Richard Floethe was a German-born, Bauhaus-influenced artist who studied with Kandinsky and Klee. After moving to New York city in 1928, he worked in advertising and as a freelance illustrator and portrait painter. The commission to illustrate Pinocchio for the Limited Editions Club came when he was only 36 years old.


The linocut technique (a modern variant of woodcut printing) was fairly new at the time, and Floethe employs it masterfully. Areas of color are beautifully composed and complemented with the negative white space to create lively but perfectly balanced images.


Pinocchio is often a dark and even frightening tale, and some of the images are slightly disturbing, as when poor silly Pinocchio burns his feet off in the fire. . .


. . . or starts to turn into a donkey.


But in the end Floethe's jaunty puppet comes through all his adventures unscathed, still in his cheerful outfit of blue, coral and brown. These images will always be "Pinocchio" to me: amusing, stylish, and slightly abstract.


There are two editions available: the original Limited Editions Club publication, limited to 1500 copies and signed by the artist, and the lower-priced, mass market Heritage Press edition. The HP version has much thinner paper, is missing a few illustrations, and most importantly the colors are not as bright and distinct. But if you can find a copy in good condition, it's still a good alternative to the higher-priced LEC edition.

In whatever form you view them, I hope you'll agree that Floethe's pictures are a very fine artistic approach to Collodi's classic tale.

Image source: eBay

Be sure to visit the Pinocchio readalong and Children's Literature Event at Simpler Pastimes.

More of Richard Floethe's very interesting and diverse work can be viewed in this gallery.

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Book Blog Tour: Where Have I Been All My Life?

Thursday, January 22, 2015 | 2 comments

Cheryl Rice, Where Have I Been All My Life? (She Writes Press, 2014)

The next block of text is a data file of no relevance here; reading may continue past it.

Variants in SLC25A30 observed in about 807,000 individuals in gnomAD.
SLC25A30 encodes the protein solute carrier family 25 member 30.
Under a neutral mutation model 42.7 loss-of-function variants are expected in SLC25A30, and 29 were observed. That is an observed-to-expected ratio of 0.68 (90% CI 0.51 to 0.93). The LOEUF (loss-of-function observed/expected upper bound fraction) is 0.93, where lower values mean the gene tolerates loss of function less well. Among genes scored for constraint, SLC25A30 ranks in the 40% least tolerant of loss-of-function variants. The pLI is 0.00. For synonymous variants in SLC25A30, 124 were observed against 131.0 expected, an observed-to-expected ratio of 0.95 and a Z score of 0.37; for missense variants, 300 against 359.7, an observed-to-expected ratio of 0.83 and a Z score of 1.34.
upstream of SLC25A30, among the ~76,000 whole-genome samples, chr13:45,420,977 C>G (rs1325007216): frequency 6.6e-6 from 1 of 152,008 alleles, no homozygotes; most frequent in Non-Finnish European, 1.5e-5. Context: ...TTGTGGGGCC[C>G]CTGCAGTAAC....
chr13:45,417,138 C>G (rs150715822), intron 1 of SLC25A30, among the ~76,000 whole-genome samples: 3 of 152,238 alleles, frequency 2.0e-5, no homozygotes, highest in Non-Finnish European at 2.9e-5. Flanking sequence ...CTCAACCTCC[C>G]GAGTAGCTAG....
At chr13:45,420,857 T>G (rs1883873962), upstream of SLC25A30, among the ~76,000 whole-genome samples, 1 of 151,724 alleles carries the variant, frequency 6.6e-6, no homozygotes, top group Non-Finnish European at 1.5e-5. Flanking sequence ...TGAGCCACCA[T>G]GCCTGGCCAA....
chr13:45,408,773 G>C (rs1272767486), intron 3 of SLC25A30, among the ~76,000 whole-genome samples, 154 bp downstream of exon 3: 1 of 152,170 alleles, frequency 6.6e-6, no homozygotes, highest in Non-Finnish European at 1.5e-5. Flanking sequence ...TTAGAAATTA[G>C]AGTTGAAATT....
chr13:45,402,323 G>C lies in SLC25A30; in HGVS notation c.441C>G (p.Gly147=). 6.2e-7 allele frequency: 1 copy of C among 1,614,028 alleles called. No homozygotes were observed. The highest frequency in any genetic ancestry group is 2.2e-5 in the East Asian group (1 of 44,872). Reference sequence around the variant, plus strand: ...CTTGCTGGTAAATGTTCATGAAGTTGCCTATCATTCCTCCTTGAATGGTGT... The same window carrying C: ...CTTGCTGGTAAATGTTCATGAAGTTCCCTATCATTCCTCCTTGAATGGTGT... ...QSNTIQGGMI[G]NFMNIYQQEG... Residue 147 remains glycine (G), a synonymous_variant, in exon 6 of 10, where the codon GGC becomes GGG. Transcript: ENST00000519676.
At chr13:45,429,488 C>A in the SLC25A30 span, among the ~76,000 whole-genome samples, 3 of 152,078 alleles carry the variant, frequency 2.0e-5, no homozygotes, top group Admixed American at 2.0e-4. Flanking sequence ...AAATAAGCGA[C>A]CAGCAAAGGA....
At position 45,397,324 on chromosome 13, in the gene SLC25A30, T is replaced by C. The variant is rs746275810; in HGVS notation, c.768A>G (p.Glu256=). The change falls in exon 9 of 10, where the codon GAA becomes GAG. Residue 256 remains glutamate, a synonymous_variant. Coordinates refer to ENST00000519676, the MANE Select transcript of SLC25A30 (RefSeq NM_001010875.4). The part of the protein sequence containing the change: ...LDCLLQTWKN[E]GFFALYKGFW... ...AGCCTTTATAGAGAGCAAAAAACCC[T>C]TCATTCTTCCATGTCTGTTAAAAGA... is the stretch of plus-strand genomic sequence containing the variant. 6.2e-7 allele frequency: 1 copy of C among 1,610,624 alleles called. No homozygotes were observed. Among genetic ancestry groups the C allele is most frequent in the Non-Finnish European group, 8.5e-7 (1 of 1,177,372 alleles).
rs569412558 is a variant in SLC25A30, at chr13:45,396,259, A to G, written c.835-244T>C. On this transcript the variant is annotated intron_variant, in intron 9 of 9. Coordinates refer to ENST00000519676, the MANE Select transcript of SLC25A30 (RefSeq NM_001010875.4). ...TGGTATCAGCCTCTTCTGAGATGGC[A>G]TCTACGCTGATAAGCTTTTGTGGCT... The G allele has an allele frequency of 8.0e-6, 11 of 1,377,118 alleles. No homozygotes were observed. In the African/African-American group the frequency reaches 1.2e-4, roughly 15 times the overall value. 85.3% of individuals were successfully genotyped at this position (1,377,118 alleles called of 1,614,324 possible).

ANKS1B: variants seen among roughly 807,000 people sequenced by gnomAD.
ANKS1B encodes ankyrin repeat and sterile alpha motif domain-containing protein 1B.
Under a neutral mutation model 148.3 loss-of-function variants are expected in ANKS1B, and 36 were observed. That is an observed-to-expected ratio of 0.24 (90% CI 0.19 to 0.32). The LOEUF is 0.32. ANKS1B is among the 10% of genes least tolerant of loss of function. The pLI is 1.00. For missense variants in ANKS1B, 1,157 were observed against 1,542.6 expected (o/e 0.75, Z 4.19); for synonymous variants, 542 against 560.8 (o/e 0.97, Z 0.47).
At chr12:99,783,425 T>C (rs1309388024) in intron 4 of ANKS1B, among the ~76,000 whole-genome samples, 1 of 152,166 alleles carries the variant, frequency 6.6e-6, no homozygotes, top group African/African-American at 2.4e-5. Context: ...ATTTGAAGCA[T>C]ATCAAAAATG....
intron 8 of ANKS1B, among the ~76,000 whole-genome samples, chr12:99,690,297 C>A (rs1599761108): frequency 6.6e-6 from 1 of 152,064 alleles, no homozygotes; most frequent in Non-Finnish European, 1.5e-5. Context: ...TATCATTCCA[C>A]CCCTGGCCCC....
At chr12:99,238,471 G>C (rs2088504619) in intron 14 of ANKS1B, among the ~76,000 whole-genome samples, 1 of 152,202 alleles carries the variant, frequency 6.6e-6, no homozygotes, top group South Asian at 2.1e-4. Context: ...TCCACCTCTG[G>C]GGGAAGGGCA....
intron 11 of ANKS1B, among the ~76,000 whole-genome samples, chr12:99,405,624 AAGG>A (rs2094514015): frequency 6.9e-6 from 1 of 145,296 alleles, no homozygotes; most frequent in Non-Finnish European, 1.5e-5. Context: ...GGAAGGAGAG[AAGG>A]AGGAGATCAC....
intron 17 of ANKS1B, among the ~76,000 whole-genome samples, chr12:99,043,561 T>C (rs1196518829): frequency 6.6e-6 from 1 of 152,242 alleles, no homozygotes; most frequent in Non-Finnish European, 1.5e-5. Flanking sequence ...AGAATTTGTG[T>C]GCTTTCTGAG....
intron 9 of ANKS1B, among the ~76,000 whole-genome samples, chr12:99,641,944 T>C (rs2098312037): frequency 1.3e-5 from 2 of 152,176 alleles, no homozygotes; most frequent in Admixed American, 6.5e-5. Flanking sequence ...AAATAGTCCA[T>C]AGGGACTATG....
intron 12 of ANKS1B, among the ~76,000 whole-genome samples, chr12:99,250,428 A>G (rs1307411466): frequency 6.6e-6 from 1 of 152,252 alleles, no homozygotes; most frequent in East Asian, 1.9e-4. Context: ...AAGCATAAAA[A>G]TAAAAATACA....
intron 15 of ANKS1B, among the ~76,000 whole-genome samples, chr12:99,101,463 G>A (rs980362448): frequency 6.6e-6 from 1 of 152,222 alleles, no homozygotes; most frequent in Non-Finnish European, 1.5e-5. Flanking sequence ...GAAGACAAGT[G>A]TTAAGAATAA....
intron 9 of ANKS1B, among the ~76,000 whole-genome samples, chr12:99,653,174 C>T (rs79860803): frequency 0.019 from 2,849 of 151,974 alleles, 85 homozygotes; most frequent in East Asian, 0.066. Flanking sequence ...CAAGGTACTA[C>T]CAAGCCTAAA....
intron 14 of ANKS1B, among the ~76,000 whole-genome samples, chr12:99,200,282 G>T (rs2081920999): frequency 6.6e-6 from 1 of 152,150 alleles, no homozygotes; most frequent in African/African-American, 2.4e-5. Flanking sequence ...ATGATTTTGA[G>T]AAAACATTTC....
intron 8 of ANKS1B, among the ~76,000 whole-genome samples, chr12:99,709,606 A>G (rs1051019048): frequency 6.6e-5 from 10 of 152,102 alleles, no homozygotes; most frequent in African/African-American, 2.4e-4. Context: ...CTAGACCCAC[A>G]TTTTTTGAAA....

Today, I'm pleased to be hosting a stop on the blog tour for Where Have I Been All My Life? In this honest and heartfelt memoir, Cheryl Rice takes us along on the difficult road she had to travel after losing her mother to cancer. Attempting to heal herself, she started therapy -- and promptly fell desperately in love with her therapist. Now what? Could she learn to give up her addiction to unattainable love, and embrace the love she already had in abundance at home -- and most of all, within herself?

This kind of book has to walk the fine line between self-revelation and self-indulgence, but Cheryl, a first-time author, does so gracefully. Her writing is fluent and engaging, and although she claims she never learned how to play as a child, she has a lively sense of humor that helps to bring balance to her reflections on loss and deprivation. This prevents the narrative from becoming maudlin or depressing, and gives a welcome sense of perspective.

Short, non-chronological chapters keep things moving, and I particularly liked the notes and letters that are sprinkled throughout the book: one to her therapist pleading to be allowed to redecorate his office, an offer he wisely refuses; several (never sent) to a friend who suddenly and traumatically cut off their relationship years ago; most poignantly, a "ghostwritten" letter from Cheryl's mother, giving a picture of her own flawed, needy, but very human nature. We all want to communicate our truths, to be heard and understood by our loved ones; the letter format symbolizes this wish, while also effectively capturing the personality of the writer.

I feel privileged to have met Cheryl Rice through the pages of her book. It seems most suitable that in her career as a speaker and life coach she is trying to help other women to find and express their own truths, and I thank her for sharing her story with all of us.

For more about Cheryl, visit her website; and for more tour stops, click here.

Review copy source: Paperback from TLC Book Tours


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Words and Pictures: A Short History of Myth

Monday, January 19, 2015 | 6 comments
Mythology is the discourse we need in extremity. We have to be prepared for a myth to change us forever.

Karen Armstrong, A Short History of Myth (2005)
Image: Edmund Dulac, from The Marriage of Cupid and Psyche